Hope and imagine together the possibilities of a new and better normal. This is the best way to resist the very human temptation of directing time and energy to the impossible task of restoring the old normal. Educators and students can co-create what the new normal will be.
Consider some “new rules” to follow. Success in a traditional school is almost guaranteed, for any student who consistently follows these three unwritten rules: 1) Do what you are told to do., 2) Complete all the work you are given to do and 3) Learn to mind your own business. Whatever the “new normal” becomes, these rules will probably not work as well as before, so why not talk about them with students and work together on developing some better ones. Here are some ways to reframe the old ones:
- Do what is right. This rule is admittedly harder to follow than the ones in the old normal. It means that “right” can no longer be narrowly confined to just following the rules. It means that educators and students must talk about what “right” means. Doing what is right involves values and principles rather than being just a set of “do’s” and “don’ts.”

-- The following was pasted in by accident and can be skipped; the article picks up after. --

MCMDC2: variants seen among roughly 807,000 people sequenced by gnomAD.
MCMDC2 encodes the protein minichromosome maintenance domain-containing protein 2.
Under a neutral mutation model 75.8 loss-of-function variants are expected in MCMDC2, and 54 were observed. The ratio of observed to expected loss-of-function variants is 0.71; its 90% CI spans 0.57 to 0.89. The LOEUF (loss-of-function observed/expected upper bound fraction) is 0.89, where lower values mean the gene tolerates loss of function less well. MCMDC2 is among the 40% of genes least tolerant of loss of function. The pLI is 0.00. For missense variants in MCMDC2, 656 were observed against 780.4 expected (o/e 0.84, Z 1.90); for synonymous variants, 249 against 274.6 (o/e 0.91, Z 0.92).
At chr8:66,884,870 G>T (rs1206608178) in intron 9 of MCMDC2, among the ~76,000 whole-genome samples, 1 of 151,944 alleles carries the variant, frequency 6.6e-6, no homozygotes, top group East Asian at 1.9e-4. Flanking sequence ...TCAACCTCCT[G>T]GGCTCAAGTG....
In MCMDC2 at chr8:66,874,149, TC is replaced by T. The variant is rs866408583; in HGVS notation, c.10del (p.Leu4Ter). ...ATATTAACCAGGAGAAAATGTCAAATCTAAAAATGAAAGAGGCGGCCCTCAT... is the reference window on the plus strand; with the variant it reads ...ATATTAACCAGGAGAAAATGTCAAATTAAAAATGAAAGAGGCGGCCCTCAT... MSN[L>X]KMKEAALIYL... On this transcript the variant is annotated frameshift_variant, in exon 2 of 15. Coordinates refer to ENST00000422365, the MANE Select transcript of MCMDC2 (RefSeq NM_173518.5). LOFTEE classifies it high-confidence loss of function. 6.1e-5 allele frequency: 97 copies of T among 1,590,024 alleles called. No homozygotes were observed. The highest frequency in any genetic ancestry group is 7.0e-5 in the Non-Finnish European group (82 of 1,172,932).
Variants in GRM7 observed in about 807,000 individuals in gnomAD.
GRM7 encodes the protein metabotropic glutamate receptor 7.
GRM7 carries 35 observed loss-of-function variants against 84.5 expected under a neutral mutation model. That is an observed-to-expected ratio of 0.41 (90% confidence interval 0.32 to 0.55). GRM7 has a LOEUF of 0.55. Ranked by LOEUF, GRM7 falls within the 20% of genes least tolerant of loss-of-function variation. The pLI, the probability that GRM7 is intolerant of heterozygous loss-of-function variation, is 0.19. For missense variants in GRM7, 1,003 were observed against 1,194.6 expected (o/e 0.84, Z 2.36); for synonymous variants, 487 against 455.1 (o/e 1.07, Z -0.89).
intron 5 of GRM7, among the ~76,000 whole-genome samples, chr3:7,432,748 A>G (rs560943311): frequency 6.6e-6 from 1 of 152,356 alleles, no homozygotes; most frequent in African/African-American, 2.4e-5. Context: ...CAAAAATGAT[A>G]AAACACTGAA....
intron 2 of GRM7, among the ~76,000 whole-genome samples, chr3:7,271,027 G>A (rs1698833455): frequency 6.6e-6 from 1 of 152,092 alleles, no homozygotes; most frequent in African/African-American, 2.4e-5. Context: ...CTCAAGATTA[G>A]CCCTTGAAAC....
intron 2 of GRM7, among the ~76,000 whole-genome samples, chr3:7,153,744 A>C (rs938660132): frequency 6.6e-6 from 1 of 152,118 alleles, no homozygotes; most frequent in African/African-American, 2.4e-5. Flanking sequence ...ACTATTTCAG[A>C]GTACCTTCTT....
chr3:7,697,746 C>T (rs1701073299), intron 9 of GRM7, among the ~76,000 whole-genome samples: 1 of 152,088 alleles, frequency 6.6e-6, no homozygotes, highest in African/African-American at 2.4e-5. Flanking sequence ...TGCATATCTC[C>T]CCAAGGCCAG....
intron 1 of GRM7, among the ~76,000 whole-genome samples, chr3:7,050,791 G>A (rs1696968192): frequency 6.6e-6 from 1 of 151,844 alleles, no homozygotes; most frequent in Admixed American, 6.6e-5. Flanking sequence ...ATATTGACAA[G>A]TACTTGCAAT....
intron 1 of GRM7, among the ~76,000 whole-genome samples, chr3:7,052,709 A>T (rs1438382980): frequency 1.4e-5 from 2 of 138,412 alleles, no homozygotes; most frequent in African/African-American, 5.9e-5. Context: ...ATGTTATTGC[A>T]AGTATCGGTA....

- Own your own learning. This rule does require educators and students to find what I call the MVP of learning: its meaning, value and purpose. This doesn’t mean that students can be allowed to only learn what they want to learn or that education should be like picking items off a menu. Students can discover that learning is not a series of hoops to jump through to gain some external approval or avoid a negative consequence. MVP should be the basis for all learning. Students and educators can find it together.
- Learn together. Students take tests on an individual basis and receive individual grades. There is nothing wrong with that. However this fact has led to students to think that learning itself is an individual matter and not a social one. Educators can also inadvertently fail to make this distinction for their students. Students learn from other students, educators learn from students and other educators. When students learn together they learn more; learning together meets their need for social contact rather than compete against it.
I offer this perspective as a retired educator, who would still like to help educators see the opportunity that could be hiding in the challenge of evolving from an old to a new normal.
Jim Dillon has been an educator for over 40 years, including 20 years as a school administrator. He is an educational consultant for Measurement Incorporated, who sponsor the Center for Leadership and Bullying Prevention. He is the author of “Peaceful School Bus” (Hazelden), “No Place for Bullying” (Corwin, 2012), “Reframing Bullying Prevention to Build Stronger School Communities” (Corwin) and the picture book, “Okay Kevin” (Jessica Kingsley Publishing).